Fiat’s 124 coupe went through several changes in its 8-year lifespan, from the delicate, oh-so-60s-Italian looking AC version, through the handsomely updated BC, and then the, uh, controversial and final CC. In North America, the CC had to endure DOT bumpers as well, and it’s not clear why Fiat did this – sales numbers can’t have been that great, and practically speaking, they were probably available new for the same amount of time as Alfa’s GTV, which retained small bumpers, or any number of British cars that simply sprouted big rubber thingies for the 1974 model year. To be fair, Alfa’s Berlina and the MGB got hit by the ugly stick in that time of transition, but you’ll probably agree that this adaptation of bumpers, apparently sourced from a VW Thing, has a far worse impact on this 1974 Fiat 124 Coupe for sale for C$1000 (US$752 today) in Delta, BC.
Let’s face it, this is a great price for a 124 coupe in anything close to intact condition. But while those bumpers are not actually from a VW Thing, they’re so wrong here, and so ill-fitted to the car’s body, that you’d guess someone took them off another car and bolted them on here. The look would be miles better if you went from the low-effort step of simply collapsing the bumper shocks, to something higher-impact like replacing the bumpers with items from an earlier CC coupe. That said, you’re still stuck with the gaping maw in the picture below.
Paint is surprisingly glossy for a project car, and in its favor, it does appear very complete. The Fiat banner across the top of the windshield is retro-cool now – has anyone started re-manufacturing these? Further in its favor, this should have the 1756cc engine that (in non-smog form) should give about 118hp, making it pretty competitive with the aforementioned GTV and BMW’s 2002, among others. Spares include a set of heads and a rear end – is that any indication of the engine’s condition? The only visible rust is fairly significant, around the passenger rear wheel, but you can count on more on a car this age.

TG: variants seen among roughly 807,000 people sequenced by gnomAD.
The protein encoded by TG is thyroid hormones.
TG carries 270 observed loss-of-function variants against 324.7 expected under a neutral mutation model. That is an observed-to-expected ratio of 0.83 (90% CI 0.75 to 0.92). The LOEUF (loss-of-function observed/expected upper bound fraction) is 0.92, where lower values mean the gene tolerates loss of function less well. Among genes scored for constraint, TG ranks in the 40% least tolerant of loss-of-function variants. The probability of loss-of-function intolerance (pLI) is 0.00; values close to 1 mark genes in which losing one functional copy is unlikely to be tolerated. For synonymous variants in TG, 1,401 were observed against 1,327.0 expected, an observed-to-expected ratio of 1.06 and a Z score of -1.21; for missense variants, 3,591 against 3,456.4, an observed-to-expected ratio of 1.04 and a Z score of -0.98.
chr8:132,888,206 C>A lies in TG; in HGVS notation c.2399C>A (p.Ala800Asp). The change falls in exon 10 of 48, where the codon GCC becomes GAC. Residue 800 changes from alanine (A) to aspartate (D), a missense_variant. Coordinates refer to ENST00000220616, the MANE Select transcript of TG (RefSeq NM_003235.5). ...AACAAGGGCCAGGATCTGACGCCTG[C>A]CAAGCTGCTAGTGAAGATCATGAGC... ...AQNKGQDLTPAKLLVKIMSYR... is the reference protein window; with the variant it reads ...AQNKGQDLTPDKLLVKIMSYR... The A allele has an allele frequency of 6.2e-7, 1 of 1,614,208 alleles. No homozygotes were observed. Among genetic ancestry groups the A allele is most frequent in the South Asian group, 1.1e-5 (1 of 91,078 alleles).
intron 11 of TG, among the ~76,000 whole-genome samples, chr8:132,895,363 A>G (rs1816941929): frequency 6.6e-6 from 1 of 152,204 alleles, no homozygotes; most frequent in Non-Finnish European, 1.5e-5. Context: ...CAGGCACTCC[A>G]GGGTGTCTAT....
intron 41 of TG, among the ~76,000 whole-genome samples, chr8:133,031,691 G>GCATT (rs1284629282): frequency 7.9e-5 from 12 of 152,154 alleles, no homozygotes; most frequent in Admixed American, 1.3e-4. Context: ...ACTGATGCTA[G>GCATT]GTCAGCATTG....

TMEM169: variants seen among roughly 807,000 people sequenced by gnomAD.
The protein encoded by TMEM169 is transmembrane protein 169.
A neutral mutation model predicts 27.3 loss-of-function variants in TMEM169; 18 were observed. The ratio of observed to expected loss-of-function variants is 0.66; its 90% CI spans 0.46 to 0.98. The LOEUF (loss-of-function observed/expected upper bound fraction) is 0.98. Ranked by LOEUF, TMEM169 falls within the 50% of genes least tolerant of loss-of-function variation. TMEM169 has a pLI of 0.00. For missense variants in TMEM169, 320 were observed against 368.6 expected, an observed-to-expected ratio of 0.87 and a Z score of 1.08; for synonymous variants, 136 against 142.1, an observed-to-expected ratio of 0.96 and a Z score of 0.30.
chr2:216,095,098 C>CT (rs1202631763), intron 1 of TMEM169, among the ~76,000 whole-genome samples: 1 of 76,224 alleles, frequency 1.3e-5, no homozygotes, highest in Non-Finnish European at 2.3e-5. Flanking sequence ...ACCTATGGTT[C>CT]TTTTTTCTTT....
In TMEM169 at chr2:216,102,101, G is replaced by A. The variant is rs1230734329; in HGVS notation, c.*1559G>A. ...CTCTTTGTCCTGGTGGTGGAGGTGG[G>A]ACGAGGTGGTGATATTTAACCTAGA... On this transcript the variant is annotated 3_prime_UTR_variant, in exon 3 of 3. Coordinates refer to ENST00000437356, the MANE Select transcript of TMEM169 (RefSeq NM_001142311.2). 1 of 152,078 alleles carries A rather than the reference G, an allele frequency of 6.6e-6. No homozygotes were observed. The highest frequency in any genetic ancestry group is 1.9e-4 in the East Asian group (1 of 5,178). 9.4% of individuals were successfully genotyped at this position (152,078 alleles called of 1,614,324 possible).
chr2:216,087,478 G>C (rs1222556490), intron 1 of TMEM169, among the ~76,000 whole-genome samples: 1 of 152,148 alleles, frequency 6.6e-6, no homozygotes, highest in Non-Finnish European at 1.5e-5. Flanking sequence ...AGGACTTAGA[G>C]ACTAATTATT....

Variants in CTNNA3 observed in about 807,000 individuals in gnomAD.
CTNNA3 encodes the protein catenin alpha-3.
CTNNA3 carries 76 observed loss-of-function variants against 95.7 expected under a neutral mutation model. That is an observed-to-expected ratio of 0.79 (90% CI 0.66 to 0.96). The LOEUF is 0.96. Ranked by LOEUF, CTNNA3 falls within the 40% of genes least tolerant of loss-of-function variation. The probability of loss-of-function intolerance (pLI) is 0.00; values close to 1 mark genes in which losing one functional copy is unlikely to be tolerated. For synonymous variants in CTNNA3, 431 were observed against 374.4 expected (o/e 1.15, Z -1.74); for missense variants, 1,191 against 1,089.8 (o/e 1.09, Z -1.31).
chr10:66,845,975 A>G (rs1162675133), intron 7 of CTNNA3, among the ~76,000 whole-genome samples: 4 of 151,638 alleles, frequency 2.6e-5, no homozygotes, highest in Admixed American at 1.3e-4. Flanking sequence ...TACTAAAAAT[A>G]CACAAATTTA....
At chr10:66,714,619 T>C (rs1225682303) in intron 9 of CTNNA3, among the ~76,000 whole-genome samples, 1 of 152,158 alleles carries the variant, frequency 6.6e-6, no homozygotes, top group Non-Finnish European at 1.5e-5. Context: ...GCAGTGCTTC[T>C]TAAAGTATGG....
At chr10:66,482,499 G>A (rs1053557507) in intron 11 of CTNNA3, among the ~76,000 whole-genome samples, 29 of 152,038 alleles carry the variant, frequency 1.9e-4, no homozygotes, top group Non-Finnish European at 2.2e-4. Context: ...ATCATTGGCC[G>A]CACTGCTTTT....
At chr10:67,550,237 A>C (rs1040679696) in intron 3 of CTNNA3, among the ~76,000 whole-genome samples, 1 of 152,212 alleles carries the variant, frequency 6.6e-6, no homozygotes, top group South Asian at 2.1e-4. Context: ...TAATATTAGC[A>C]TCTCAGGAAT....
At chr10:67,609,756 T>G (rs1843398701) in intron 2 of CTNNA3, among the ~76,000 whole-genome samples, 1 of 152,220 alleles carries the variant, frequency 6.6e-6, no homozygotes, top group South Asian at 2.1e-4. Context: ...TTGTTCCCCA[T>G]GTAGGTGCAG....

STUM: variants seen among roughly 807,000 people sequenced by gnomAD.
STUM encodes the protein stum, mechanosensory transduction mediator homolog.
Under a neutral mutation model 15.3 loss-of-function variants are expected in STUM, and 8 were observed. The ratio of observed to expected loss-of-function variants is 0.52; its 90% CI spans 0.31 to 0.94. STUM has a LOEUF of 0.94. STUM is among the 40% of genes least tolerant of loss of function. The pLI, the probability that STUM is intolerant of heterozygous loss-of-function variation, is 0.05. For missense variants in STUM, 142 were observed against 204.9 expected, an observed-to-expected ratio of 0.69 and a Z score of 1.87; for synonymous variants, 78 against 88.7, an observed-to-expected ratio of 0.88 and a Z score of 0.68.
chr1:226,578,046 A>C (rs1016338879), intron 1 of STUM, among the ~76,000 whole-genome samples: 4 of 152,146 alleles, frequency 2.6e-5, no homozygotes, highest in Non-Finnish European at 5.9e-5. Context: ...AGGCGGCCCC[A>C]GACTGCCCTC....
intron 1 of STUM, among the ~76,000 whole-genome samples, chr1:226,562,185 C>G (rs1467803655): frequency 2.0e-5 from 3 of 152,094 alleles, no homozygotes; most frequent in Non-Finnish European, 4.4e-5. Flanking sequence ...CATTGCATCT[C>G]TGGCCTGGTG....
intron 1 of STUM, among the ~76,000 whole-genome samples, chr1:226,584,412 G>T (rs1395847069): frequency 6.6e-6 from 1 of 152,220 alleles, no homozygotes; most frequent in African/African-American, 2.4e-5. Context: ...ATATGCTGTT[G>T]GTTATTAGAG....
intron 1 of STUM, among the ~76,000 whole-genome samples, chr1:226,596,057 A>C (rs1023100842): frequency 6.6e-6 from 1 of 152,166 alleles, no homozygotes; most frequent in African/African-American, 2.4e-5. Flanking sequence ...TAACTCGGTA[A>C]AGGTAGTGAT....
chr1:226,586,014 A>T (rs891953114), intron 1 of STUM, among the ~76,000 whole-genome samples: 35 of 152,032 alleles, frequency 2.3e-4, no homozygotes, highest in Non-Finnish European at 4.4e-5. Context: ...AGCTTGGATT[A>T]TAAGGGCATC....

Water marks suggest a bit of rust under the driver’s rearview mirror and rear window, but taking into consideration the ability of darker colors to disguise rust, things look pretty decent here. It’s nice to see a coupe on base-spec steel wheels with hubcaps – if you want to upgrade things a little, consider widening the rims to keep the stock look.
There’s not much visible of the interior, though seeing the glovebox out on the passenger seat hints at electrical problem-solving. It is nice to see that everything looks fairly complete, so you’ll have patterns, or at least something to use until you work out a replacement. Seat covers suggest damage to the upholstery, but who knows, maybe the gods will smile upon you and grant you vinyl that’s been protected since ’74! Either way, while this car has been federally bastardized, it has the potential to be a rare, fun alternative to a square-light 2002.